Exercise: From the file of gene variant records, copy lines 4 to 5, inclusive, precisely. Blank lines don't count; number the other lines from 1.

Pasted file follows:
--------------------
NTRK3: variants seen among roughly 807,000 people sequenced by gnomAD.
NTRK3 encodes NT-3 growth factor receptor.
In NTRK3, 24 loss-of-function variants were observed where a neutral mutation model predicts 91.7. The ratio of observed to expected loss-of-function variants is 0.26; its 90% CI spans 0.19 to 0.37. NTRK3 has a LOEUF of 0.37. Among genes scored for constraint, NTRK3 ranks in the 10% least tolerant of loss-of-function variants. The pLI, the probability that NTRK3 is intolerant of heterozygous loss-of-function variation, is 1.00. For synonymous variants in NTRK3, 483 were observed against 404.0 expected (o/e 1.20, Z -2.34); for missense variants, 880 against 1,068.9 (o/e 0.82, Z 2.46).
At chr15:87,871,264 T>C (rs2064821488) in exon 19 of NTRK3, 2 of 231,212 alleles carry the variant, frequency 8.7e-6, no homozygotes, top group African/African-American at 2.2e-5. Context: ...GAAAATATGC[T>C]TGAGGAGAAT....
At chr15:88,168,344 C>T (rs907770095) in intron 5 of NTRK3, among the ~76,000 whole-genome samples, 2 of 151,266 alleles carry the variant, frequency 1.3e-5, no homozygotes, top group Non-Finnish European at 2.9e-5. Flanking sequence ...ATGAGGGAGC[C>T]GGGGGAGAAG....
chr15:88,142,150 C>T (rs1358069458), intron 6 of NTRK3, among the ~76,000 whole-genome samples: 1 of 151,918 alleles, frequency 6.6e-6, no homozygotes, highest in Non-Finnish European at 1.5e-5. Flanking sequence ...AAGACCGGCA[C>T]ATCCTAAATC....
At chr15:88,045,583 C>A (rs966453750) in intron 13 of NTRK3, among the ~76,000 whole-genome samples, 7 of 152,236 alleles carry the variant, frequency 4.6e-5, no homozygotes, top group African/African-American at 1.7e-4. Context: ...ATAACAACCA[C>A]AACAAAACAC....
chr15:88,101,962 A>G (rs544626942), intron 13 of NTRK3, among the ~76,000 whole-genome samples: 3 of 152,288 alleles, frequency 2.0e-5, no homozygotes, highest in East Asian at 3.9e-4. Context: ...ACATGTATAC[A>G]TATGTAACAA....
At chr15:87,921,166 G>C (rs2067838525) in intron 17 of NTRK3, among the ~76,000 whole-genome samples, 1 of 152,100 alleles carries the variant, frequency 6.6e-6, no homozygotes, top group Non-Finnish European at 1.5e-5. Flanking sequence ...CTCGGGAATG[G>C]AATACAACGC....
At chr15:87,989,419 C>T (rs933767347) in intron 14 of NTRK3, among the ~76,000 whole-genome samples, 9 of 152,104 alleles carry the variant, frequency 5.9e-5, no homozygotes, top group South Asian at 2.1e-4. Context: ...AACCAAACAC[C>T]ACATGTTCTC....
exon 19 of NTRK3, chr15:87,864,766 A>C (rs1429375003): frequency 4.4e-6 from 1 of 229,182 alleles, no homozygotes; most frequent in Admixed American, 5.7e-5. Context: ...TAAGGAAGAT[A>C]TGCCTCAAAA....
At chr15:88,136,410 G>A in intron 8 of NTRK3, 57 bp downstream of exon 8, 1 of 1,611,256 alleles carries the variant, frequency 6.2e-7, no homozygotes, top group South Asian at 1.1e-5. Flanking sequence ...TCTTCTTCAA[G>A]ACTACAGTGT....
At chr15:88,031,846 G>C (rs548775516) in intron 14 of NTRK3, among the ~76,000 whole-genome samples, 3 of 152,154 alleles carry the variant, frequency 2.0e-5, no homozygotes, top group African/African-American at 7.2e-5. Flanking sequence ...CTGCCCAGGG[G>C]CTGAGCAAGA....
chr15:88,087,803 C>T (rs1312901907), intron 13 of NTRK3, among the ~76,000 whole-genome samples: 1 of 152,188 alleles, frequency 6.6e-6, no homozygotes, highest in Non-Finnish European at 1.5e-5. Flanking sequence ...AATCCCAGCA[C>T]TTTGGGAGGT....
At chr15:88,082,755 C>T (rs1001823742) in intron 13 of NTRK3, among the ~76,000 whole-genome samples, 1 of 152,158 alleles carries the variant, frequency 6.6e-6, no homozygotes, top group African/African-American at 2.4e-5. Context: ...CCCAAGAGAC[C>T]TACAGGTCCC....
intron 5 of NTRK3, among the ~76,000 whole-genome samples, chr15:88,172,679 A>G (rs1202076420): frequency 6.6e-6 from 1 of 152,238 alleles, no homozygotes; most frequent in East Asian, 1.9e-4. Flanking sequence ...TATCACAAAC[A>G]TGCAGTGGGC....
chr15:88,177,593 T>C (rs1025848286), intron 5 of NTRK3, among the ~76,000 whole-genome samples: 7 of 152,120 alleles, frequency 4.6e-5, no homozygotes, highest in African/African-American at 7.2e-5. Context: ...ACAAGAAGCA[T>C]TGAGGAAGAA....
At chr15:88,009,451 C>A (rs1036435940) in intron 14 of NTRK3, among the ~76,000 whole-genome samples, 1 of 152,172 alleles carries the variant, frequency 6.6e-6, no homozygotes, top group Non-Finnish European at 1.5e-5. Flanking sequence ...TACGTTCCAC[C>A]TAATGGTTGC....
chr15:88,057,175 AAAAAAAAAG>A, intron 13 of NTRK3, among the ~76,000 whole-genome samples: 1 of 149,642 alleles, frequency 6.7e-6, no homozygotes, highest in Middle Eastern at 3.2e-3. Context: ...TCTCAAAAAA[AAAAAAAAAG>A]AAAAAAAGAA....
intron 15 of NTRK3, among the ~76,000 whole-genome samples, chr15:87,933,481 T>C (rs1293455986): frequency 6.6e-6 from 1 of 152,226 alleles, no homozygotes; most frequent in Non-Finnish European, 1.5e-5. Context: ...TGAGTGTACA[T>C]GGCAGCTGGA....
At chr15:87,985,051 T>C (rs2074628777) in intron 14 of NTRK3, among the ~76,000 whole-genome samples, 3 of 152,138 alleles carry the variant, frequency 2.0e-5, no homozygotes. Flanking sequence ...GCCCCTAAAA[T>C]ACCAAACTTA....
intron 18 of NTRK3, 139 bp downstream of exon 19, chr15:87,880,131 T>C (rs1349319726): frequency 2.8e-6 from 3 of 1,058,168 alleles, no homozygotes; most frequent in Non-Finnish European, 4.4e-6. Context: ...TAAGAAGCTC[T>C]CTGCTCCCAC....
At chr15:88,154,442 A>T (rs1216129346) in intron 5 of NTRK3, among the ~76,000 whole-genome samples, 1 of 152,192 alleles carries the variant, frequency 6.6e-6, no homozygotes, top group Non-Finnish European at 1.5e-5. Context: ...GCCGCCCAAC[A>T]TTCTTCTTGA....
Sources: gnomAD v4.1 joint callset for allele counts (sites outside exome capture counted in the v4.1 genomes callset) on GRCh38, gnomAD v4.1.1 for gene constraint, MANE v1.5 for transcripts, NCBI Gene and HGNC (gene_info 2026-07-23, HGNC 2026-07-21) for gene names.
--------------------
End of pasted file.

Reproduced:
At chr15:87,871,264 T>C (rs2064821488) in exon 19 of NTRK3, 2 of 231,212 alleles carry the variant, frequency 8.7e-6, no homozygotes, top group African/African-American at 2.2e-5. Context: ...GAAAATATGC[T>C]TGAGGAGAAT....
At chr15:88,168,344 C>T (rs907770095) in intron 5 of NTRK3, among the ~76,000 whole-genome samples, 2 of 151,266 alleles carry the variant, frequency 1.3e-5, no homozygotes, top group Non-Finnish European at 2.9e-5. Flanking sequence ...ATGAGGGAGC[C>T]GGGGGAGAAG....